Only two politicians have won more Loudoun votes over their careers and none has been involved in more day-to-day decisions guiding the county through its 25-year growth surge than County Chairman Scott K. York.
His fourth and final term ends today.
When the new Board of Supervisors convenes Jan. 6 it will be the first time since 1996 that York’s name won’t be displayed on the dais. He lost his bid for a fifth term as chairman—his sixth as a supervisor—in a three-way race in November. Phyllis Randall, the first Loudoun Democrat elected to countywide office since 1999, takes over that seat.
During a recent interview, the conversation reflected his role in leading a “smart growth” movement that focused on curbing the waves of residential subdivisions sprawling over the county.
In the early 1990s York was unlikely to be viewed in that role.
He got involved in local politics because of the controversy about introducing Family Life Education classes in Loudoun elementary schools.
Loudoun’s Republican Party at the time was a small group operating in firmly Democratic territory. York joined the phone banks and helped out at the polls in the 1991 election.
H. Roger Zurn won re-election as the Sterling District supervisor. York recalls that after the win, he approached Zurn to encourage him to appoint a different representative to the School Board. “And he turned around and said ‘how would you feel about serving on the planning commission?’”
What did York know about planning and zoning?
“Not much,” York said. “I was a home improvement contractor. Getting permits to make sure the addition fit into the building envelope of a lot, that was about it.”
He jumped into the subject matter, becoming the commission’s expert on the conflicts that arise from allowing residential development too close to airports and adopted the AOL handle “landuseman.”
Four years later, York was the Republican candidate for the Sterling District supervisor seat as Zurn campaigned to replace long-time County Treasurer George Titus, who was retiring.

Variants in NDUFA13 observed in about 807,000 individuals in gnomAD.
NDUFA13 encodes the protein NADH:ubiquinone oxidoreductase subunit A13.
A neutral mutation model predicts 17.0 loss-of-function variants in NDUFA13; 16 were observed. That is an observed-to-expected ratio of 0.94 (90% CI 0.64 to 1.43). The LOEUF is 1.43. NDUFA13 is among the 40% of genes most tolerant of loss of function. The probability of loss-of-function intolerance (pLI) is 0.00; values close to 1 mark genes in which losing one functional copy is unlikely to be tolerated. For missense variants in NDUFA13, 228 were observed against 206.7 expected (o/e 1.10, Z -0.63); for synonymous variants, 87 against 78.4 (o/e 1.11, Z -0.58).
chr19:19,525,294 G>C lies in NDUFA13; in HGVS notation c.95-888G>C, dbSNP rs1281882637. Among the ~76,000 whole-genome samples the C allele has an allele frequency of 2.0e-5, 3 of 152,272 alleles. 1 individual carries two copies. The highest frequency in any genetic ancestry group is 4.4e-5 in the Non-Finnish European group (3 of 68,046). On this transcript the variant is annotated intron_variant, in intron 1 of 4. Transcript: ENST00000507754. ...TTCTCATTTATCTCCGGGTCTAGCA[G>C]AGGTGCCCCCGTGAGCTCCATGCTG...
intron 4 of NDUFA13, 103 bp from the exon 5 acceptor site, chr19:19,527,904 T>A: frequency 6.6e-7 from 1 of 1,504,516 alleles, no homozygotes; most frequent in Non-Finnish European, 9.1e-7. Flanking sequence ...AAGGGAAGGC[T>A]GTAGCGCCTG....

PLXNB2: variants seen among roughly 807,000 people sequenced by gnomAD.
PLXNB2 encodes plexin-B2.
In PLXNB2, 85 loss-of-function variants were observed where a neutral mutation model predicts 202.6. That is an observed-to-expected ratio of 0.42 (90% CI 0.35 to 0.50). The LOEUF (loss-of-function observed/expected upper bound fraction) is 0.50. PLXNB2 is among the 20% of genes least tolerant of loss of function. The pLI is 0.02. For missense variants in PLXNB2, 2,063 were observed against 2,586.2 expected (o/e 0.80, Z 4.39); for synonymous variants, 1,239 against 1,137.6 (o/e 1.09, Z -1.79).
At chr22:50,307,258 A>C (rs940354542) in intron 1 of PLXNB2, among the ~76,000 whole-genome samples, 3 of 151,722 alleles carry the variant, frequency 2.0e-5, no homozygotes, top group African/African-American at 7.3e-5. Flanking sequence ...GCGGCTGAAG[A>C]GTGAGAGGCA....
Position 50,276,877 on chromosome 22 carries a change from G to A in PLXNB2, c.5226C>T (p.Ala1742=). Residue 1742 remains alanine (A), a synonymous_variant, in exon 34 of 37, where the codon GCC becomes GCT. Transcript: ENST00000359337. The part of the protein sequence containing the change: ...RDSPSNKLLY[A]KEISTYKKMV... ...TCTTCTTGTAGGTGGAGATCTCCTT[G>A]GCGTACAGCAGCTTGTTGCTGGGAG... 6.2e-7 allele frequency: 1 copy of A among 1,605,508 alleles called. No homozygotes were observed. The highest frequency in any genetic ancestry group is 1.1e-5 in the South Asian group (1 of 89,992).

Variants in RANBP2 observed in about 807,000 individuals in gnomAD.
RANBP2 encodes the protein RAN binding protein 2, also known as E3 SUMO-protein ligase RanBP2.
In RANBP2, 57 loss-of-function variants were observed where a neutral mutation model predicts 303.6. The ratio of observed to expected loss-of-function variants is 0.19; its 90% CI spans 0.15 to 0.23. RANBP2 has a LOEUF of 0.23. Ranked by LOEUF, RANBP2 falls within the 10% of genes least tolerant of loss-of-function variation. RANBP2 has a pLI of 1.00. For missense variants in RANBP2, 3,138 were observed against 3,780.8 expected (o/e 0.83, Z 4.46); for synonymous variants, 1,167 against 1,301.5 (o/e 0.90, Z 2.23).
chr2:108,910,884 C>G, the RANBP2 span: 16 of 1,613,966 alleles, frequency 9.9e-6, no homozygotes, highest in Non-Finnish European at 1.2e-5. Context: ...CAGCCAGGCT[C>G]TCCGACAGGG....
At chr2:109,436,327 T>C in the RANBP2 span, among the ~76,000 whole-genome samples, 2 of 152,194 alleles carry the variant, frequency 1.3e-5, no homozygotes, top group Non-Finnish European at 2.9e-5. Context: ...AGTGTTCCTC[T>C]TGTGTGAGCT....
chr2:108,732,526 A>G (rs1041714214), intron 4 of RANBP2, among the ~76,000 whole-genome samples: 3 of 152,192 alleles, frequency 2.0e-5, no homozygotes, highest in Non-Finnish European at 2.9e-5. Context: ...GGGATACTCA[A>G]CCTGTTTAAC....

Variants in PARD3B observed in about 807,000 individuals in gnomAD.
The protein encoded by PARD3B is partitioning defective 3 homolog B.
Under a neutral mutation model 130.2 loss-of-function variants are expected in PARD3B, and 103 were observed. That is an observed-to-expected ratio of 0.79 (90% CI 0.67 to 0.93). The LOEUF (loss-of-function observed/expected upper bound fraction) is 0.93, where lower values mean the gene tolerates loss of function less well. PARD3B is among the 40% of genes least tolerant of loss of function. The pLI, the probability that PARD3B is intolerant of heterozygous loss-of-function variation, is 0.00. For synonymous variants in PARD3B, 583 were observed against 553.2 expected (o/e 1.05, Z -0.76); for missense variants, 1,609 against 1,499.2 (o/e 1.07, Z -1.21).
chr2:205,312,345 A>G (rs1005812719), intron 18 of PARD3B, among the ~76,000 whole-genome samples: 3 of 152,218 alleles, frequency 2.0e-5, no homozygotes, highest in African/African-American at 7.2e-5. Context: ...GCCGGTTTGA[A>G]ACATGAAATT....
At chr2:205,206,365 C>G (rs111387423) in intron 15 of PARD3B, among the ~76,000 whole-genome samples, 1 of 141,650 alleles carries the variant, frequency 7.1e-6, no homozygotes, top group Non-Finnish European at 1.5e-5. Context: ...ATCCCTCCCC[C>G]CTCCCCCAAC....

It was a decidedly pro-growth, Republican-led Board of Supervisors that York joined in 1996 as the Sterling District representative. Through that term he increasingly found himself in the minority as concerns mounted about the fiscal impact involved with the line of developers’ rezoning applications.
“Mid-way through that term I felt that the county was not going in the right direction,” he said.
He recalled the night in 1998 when the tide changed, as the board approved a rezoning for a 2,600-home development along Rt. 50.
“That for me was really the turning point. It was so far away from anything and it didn’t make any sense at the time to start building all the infrastructure down in that area when we were still paying for everything up in Ashburn,” York said. “It was unusual for me, but I wrote down some notes and kinda gave an impassioned speech on why I voted no.”
Quickly York became the voice of a coalition of fiscally minded Republicans and Democrats opposed to the rapid development. A year later, he challenged incumbent Republican Dale Polen Myers for the GOP’s nomination for the chairman’s seat. He won the party primary and then won again in the General Election when Myers mounted an independent campaign.
That new board moved quickly to re-write the county’s General Plan that had been in place for a decade.
“Obviously, I think the big one was coming out of the chute in 2000 and doing the comprehensive plan and turning around and getting the zoning ordinance done,” York said. The effort significantly reduced the number of new homes planned in the county and included a downzoning of rural land—changes he called controversial and dramatic steps.
More important, he said was “seeing that plan pretty well stick for 16 years.”
The plan was driven by fiscal concerns, he said. “We certainly didn’t want to head where Fairfax was,” York said. “We didn’t want to see ourselves get up to a $1.70-plus tax rate.”